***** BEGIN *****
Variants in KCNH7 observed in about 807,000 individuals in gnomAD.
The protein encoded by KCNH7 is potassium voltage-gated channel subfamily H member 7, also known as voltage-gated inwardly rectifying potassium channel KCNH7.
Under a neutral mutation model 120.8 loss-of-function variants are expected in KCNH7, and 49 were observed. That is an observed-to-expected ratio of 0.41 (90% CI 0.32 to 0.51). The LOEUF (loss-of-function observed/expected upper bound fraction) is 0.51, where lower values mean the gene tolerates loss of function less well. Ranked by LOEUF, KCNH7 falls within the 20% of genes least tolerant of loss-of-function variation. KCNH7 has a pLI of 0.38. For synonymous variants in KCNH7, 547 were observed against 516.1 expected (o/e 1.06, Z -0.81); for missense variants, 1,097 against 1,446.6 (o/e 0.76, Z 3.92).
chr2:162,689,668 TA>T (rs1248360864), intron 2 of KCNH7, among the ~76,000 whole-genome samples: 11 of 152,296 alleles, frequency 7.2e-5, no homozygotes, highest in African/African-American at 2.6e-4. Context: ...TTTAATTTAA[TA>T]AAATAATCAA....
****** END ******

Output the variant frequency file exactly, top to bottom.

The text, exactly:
Variants in KCNH7 observed in about 807,000 individuals in gnomAD.
The protein encoded by KCNH7 is potassium voltage-gated channel subfamily H member 7, also known as voltage-gated inwardly rectifying potassium channel KCNH7.
Under a neutral mutation model 120.8 loss-of-function variants are expected in KCNH7, and 49 were observed. That is an observed-to-expected ratio of 0.41 (90% CI 0.32 to 0.51). The LOEUF (loss-of-function observed/expected upper bound fraction) is 0.51, where lower values mean the gene tolerates loss of function less well. Ranked by LOEUF, KCNH7 falls within the 20% of genes least tolerant of loss-of-function variation. KCNH7 has a pLI of 0.38. For synonymous variants in KCNH7, 547 were observed against 516.1 expected (o/e 1.06, Z -0.81); for missense variants, 1,097 against 1,446.6 (o/e 0.76, Z 3.92).
chr2:162,689,668 TA>T (rs1248360864), intron 2 of KCNH7, among the ~76,000 whole-genome samples: 11 of 152,296 alleles, frequency 7.2e-5, no homozygotes, highest in African/African-American at 2.6e-4. Context: ...TTTAATTTAA[TA>T]AAATAATCAA....